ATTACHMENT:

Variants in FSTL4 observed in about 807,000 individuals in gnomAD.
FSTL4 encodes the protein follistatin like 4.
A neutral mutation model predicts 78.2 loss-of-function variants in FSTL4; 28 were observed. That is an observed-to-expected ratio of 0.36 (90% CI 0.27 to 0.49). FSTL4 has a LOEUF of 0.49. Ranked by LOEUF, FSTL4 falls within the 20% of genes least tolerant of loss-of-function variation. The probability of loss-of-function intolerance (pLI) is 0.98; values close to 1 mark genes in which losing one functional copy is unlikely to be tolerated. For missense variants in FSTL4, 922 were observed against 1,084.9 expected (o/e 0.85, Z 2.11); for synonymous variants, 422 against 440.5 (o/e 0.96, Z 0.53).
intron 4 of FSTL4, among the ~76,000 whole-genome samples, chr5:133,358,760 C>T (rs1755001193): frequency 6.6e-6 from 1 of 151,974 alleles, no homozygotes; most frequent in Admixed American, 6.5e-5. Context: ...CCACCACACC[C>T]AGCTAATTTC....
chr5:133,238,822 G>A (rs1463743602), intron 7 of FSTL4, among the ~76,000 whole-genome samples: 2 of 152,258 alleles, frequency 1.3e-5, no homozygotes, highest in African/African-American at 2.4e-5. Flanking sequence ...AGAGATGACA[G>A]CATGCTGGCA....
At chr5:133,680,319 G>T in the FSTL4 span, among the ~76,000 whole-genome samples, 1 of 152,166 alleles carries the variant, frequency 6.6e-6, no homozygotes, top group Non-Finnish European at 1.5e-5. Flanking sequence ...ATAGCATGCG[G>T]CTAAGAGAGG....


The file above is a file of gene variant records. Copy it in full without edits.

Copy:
Variants in FSTL4 observed in about 807,000 individuals in gnomAD.
FSTL4 encodes the protein follistatin like 4.
A neutral mutation model predicts 78.2 loss-of-function variants in FSTL4; 28 were observed. That is an observed-to-expected ratio of 0.36 (90% CI 0.27 to 0.49). FSTL4 has a LOEUF of 0.49. Ranked by LOEUF, FSTL4 falls within the 20% of genes least tolerant of loss-of-function variation. The probability of loss-of-function intolerance (pLI) is 0.98; values close to 1 mark genes in which losing one functional copy is unlikely to be tolerated. For missense variants in FSTL4, 922 were observed against 1,084.9 expected (o/e 0.85, Z 2.11); for synonymous variants, 422 against 440.5 (o/e 0.96, Z 0.53).
intron 4 of FSTL4, among the ~76,000 whole-genome samples, chr5:133,358,760 C>T (rs1755001193): frequency 6.6e-6 from 1 of 151,974 alleles, no homozygotes; most frequent in Admixed American, 6.5e-5. Context: ...CCACCACACC[C>T]AGCTAATTTC....
chr5:133,238,822 G>A (rs1463743602), intron 7 of FSTL4, among the ~76,000 whole-genome samples: 2 of 152,258 alleles, frequency 1.3e-5, no homozygotes, highest in African/African-American at 2.4e-5. Flanking sequence ...AGAGATGACA[G>A]CATGCTGGCA....
At chr5:133,680,319 G>T in the FSTL4 span, among the ~76,000 whole-genome samples, 1 of 152,166 alleles carries the variant, frequency 6.6e-6, no homozygotes, top group Non-Finnish European at 1.5e-5. Flanking sequence ...ATAGCATGCG[G>T]CTAAGAGAGG....